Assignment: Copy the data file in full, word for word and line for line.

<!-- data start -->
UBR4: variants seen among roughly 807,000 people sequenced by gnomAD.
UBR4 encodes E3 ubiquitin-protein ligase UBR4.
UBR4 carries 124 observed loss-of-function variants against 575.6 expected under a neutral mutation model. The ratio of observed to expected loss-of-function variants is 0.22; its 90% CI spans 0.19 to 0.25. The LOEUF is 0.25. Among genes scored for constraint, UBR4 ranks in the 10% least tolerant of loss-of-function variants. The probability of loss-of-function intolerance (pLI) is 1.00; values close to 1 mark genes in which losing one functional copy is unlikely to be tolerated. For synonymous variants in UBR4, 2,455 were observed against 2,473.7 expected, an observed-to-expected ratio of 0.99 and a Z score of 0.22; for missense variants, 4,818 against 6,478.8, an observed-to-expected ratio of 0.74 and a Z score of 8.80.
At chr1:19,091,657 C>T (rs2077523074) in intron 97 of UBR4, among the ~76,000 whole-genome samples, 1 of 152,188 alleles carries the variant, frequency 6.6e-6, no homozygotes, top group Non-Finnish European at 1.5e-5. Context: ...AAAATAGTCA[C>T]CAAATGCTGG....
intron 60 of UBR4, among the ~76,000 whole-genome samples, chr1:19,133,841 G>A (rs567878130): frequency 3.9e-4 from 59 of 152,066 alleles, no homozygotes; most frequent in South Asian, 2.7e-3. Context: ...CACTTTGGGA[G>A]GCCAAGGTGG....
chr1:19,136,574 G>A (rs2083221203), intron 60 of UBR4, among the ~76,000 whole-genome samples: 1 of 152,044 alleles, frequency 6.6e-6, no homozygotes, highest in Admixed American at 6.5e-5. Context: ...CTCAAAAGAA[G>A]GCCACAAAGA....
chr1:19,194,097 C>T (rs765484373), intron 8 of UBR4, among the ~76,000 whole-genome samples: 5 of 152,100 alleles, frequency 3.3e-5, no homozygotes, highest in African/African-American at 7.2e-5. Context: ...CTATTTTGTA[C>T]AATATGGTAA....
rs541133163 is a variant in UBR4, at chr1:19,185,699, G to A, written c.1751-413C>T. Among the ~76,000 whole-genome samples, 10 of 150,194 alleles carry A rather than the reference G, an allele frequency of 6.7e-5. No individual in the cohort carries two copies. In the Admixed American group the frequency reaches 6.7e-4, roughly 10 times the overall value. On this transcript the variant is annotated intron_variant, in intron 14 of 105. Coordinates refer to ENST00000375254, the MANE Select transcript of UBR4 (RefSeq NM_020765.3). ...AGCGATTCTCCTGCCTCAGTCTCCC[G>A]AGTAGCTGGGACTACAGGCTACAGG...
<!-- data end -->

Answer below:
UBR4: variants seen among roughly 807,000 people sequenced by gnomAD.
UBR4 encodes E3 ubiquitin-protein ligase UBR4.
UBR4 carries 124 observed loss-of-function variants against 575.6 expected under a neutral mutation model. The ratio of observed to expected loss-of-function variants is 0.22; its 90% CI spans 0.19 to 0.25. The LOEUF is 0.25. Among genes scored for constraint, UBR4 ranks in the 10% least tolerant of loss-of-function variants. The probability of loss-of-function intolerance (pLI) is 1.00; values close to 1 mark genes in which losing one functional copy is unlikely to be tolerated. For synonymous variants in UBR4, 2,455 were observed against 2,473.7 expected, an observed-to-expected ratio of 0.99 and a Z score of 0.22; for missense variants, 4,818 against 6,478.8, an observed-to-expected ratio of 0.74 and a Z score of 8.80.
At chr1:19,091,657 C>T (rs2077523074) in intron 97 of UBR4, among the ~76,000 whole-genome samples, 1 of 152,188 alleles carries the variant, frequency 6.6e-6, no homozygotes, top group Non-Finnish European at 1.5e-5. Context: ...AAAATAGTCA[C>T]CAAATGCTGG....
intron 60 of UBR4, among the ~76,000 whole-genome samples, chr1:19,133,841 G>A (rs567878130): frequency 3.9e-4 from 59 of 152,066 alleles, no homozygotes; most frequent in South Asian, 2.7e-3. Context: ...CACTTTGGGA[G>A]GCCAAGGTGG....
chr1:19,136,574 G>A (rs2083221203), intron 60 of UBR4, among the ~76,000 whole-genome samples: 1 of 152,044 alleles, frequency 6.6e-6, no homozygotes, highest in Admixed American at 6.5e-5. Context: ...CTCAAAAGAA[G>A]GCCACAAAGA....
chr1:19,194,097 C>T (rs765484373), intron 8 of UBR4, among the ~76,000 whole-genome samples: 5 of 152,100 alleles, frequency 3.3e-5, no homozygotes, highest in African/African-American at 7.2e-5. Context: ...CTATTTTGTA[C>T]AATATGGTAA....
rs541133163 is a variant in UBR4, at chr1:19,185,699, G to A, written c.1751-413C>T. Among the ~76,000 whole-genome samples, 10 of 150,194 alleles carry A rather than the reference G, an allele frequency of 6.7e-5. No individual in the cohort carries two copies. In the Admixed American group the frequency reaches 6.7e-4, roughly 10 times the overall value. On this transcript the variant is annotated intron_variant, in intron 14 of 105. Coordinates refer to ENST00000375254, the MANE Select transcript of UBR4 (RefSeq NM_020765.3). ...AGCGATTCTCCTGCCTCAGTCTCCC[G>A]AGTAGCTGGGACTACAGGCTACAGG...